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Review: "The Assassination Of Abraham Lincoln" on PBS

Nov 29, 2017
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These past few weeks have been busy ones for those of us who are endlessly fascinated by all things related to Abraham Lincoln. We of course celebrated the bicentennial of his birth on February 12. Last week saw two major announcements concerning Lincoln artifacts. A possibly “new” photo of Lincoln was discovered in an album which once belonged to General Ulysses S. Grant. And the Smithsonian got around to opening Lincoln’s pocket watch, confirming a legend that a jeweler had engraved inside the watch a tiny message about Fort Sumter and the U.S. government.

During the bicentennial week last month, there were three major television specials about Honest Abe. Public Broadcasting System (PBS) ran two of those specials, one about the assassination and one which attempted to find the “real” Lincoln. This post is my review of the assassination documentary.

The Assassination Of Abraham Lincoln” was shown as part of the American Experience series on PBS, one of the longest-running and best on public television (or on television, period). American Experience specials are always entertaining, informative, and for a lack of a better word, “classy.” This 90-minute documentary about one of the darkest periods in American history is no different from its predecessors in this respect.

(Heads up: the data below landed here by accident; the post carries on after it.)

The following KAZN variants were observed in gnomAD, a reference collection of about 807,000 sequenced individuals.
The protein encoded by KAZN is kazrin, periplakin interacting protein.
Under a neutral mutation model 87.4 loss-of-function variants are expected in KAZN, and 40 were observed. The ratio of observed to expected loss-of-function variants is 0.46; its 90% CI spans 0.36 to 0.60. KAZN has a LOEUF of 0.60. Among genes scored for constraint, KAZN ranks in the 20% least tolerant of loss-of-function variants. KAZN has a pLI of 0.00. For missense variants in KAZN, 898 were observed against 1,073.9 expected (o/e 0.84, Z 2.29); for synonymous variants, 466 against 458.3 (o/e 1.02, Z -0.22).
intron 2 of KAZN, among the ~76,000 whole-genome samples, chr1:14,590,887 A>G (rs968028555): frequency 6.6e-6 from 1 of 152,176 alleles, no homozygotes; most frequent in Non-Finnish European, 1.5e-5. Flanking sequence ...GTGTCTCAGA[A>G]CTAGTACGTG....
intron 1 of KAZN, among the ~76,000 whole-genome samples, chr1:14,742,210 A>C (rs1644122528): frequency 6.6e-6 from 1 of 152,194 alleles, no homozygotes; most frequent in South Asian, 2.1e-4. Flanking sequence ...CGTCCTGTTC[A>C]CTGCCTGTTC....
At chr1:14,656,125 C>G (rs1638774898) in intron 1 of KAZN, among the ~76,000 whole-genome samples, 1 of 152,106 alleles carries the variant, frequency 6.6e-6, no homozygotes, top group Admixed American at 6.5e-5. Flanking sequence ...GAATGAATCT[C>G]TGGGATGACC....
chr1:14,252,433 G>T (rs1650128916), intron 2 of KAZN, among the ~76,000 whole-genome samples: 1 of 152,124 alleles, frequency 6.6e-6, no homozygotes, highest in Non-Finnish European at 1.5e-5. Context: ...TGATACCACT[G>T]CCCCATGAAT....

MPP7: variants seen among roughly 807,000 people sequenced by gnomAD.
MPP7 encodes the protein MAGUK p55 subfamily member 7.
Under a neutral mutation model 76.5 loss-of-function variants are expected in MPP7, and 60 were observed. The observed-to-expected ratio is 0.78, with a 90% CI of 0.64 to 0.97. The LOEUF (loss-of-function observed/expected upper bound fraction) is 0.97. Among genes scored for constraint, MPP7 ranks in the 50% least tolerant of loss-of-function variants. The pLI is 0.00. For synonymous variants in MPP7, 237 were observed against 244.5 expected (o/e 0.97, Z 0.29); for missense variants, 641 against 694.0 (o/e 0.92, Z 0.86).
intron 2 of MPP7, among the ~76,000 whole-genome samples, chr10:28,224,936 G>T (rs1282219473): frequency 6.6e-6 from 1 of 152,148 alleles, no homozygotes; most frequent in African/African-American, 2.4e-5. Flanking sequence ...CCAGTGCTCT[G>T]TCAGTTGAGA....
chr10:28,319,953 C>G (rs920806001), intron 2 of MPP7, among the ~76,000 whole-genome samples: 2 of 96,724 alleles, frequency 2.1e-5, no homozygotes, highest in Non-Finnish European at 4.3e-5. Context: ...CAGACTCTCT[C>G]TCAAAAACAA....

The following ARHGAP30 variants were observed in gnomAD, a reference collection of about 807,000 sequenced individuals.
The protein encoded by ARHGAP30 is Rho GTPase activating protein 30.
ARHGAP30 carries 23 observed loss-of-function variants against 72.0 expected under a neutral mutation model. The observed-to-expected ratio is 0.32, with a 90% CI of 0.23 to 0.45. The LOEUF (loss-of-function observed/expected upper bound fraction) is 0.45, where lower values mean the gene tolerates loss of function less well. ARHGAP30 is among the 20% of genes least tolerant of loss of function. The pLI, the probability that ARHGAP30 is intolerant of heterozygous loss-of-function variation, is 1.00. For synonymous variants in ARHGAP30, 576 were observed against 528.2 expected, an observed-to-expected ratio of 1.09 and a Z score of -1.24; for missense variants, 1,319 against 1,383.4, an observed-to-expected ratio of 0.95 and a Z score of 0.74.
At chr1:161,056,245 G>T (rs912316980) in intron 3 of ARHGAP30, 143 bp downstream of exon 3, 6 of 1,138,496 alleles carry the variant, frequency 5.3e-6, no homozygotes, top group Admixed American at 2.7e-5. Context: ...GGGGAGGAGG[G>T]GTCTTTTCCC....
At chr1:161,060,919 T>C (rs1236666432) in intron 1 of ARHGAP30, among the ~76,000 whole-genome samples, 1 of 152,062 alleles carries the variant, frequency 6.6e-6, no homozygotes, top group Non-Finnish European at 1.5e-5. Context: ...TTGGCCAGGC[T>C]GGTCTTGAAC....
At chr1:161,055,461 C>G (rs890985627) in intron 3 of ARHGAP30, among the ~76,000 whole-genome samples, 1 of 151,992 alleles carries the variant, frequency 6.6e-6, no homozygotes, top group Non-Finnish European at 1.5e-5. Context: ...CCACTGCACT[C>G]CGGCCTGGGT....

There are some admirable things about this documentary. The best of the best writers, historians, and Lincoln experts are here. The two principal presenters are James L. Swanson, author of “Manhunt: The 12-Day Chase For Lincoln’s Killer”; and Edward Steers, Jr., author of “Blood On The Moon: The Assassination Of Abraham Lincoln” (the definitive study of the assassination). Other famous historians and writers shown on camera are Harold Holzer, James McPherson, Allen Guelzo, Terry Alford, David Blight, and of course, Doris Kearns Goodwin. The narrator of the program is the wonderful actor Chris Cooper.

The documentary is straight forward: we learn about Booth’s background; the co-conspirators of Booth; the story of how the conspiracy evolved from a kidnapping plot to one of assassination; the hours leading up to the murder; and the hunting and eventual capture and/or killings of the plotters. It’s an absorbing re-telling of a story that probably most Americans know about on a basic level. The re-enactments are kept to a minimum, the cinematography is excellent, and the horror that most Americans felt about Lincoln’s death is conveyed to the modern viewer.

I would like to report that this documentary was perfect, especially since I personally find the assassination to be the most fascinating part of the Lincoln story. Unfortunately, this special is lacking for several reasons.

First, just how many Lincoln experts, writers, and historians does a documentary about the assassination require? By my count, there are about 10 people who are interviewed on camera. Why so many people?